Limiting the Governor’s emergency powers
Last week a judge ruled that Governor Pritzker does not have the authority to keep issuing stay-at-home orders beyond the 30 days allowed by state law. The Governor is expected to appeal the ruling, so the matter will remain unresolved for a while longer. The dispute is over the wording of a state law which gives the Governor certain emergency powers for 30 days, but then does not say what happens after those 30 days have passed. There has been much confusion and intense disagreement over what limitations exist on the Governor’s authority. Since we do not know what the courts will ultimately decide, or when, I believe we can settle this issue once and for all by clarifying the law.
To ensure that the peoples’ elected representatives have a say in the setting of long-term state policy, I have joined with several other representatives in introducing House Bill 5780. Our bill would change state law to say specifically that the Governor’s emergency powers last for only 30 days in a 12-month period. After that period is up, the Governor would need to get a two-thirds vote of the legislature to extend the emergency. This would bring back some much-needed checks-and-balances to state government in any future emergency like the one we have been dealing with since March. The Governor should have the ability to act quickly in the wake of an emergency, but that power should not be endless.
Bipartisan bill sends more funding to Illinois hospitals
This week the Governor signed Senate Bill 2541 which renews Illinois’ hospital assessment program. This is an especially important boost to hospitals throughout the state during the current public health emergency. The bill is the result of bipartisan negotiations which involved legislators, state agencies and the hospital industry. It is a model of the way good things can and should get done in Springfield.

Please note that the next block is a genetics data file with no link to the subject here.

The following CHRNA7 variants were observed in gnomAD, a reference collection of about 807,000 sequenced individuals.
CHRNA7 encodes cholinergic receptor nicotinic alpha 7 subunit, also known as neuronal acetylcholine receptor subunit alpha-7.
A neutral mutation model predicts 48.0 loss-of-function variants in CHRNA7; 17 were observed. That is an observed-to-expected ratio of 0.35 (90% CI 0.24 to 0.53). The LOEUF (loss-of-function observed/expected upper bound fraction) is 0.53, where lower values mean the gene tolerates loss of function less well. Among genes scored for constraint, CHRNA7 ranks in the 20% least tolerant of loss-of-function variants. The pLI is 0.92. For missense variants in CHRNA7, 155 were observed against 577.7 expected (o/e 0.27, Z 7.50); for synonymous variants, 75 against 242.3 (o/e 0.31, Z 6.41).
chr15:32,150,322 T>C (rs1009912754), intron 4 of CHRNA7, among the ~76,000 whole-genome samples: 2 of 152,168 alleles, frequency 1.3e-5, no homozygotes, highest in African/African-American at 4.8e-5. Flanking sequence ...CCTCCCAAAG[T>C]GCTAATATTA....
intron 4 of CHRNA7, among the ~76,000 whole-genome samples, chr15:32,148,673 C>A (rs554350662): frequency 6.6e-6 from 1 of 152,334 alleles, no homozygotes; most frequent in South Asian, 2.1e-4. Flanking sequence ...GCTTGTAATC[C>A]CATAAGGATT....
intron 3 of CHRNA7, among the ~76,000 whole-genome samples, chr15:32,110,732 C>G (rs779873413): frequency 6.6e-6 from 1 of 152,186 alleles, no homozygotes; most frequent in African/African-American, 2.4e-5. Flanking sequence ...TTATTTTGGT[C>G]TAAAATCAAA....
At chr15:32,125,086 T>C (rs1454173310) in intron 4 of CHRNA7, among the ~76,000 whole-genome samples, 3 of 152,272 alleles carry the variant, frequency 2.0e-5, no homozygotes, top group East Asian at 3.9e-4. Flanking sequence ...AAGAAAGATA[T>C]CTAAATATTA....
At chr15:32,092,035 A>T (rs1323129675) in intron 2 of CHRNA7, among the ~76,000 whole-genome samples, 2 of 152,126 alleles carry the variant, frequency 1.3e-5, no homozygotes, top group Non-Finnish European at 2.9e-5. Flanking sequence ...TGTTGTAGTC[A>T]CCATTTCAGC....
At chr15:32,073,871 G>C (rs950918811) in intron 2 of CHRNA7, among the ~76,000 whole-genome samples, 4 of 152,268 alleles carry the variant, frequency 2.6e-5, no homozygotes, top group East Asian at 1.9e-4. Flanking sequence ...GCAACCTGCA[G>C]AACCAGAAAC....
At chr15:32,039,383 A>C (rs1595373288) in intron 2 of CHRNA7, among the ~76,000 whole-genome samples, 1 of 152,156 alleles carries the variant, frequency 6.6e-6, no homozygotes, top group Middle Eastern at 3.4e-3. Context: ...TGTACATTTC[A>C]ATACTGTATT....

The legislation will bring in more than $250 million in federal money for Illinois hospitals as part of a $3.8 billion program. Hospitals all over the state will benefit, with priority given to those hospitals which serve a large number of Medicaid patients. Funds are also made available for better access to diagnostic and treatment services in communities which are considered under-resourced for health care. The new law also makes improvements in transparency and simplifies the billing system for services like laboratory tests.
Reminders about heat safety
This week has seen all of Illinois locked in a summer heat wave with temperatures soaring up into the 90s on a daily basis. Hot July days just come with territory when you live in Illinois, but this weather can be dangerous or even deadly if the proper precautions are not taken. The National Weather Service is reminding Illinoisans to be safe in the heat during these hot summer months.
Those working outside in the heat should remember to stay hydrated and take frequent breaks in the shade. Limit strenuous outdoor activity, such as exercise, during the hottest hours of the day. Check on your neighbors, particularly the elderly, even if they have air conditioning. And never leave a child or a pet in a parked car, even for a short time. You can find more hot weather safety tips at weather.gov/heat.
How much do we owe?
As of the time of this writing, the State of Illinois owes $5,098,923,414 in unpaid bills to state vendors. One year ago, the backlog stood at $5.5 billion. This figure represents the amount of bills submitted to the office of the Comptroller and still awaiting payment. It does not include debts that can only be estimated, such as our unfunded pension liability which is subject to a wide range of factors and has been estimated to be more than $137 billion.
More news from around the state
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For continually updated news from state agencies, visit: coronavirus.illinois.gov or my website at repbennett.com and click on COVID-19 Info. Persons with coronavirus questions or concerns should call the statewide toll-free coronavirus hotline at 1-800-889-3931. You can also submit questions via e-mail at firstname.lastname@example.org.
My district offices remain closed to in-person visits, but are still accessible by phone at (815) 432-0106 (Watseka) and (815) 844-9179 (Pontiac).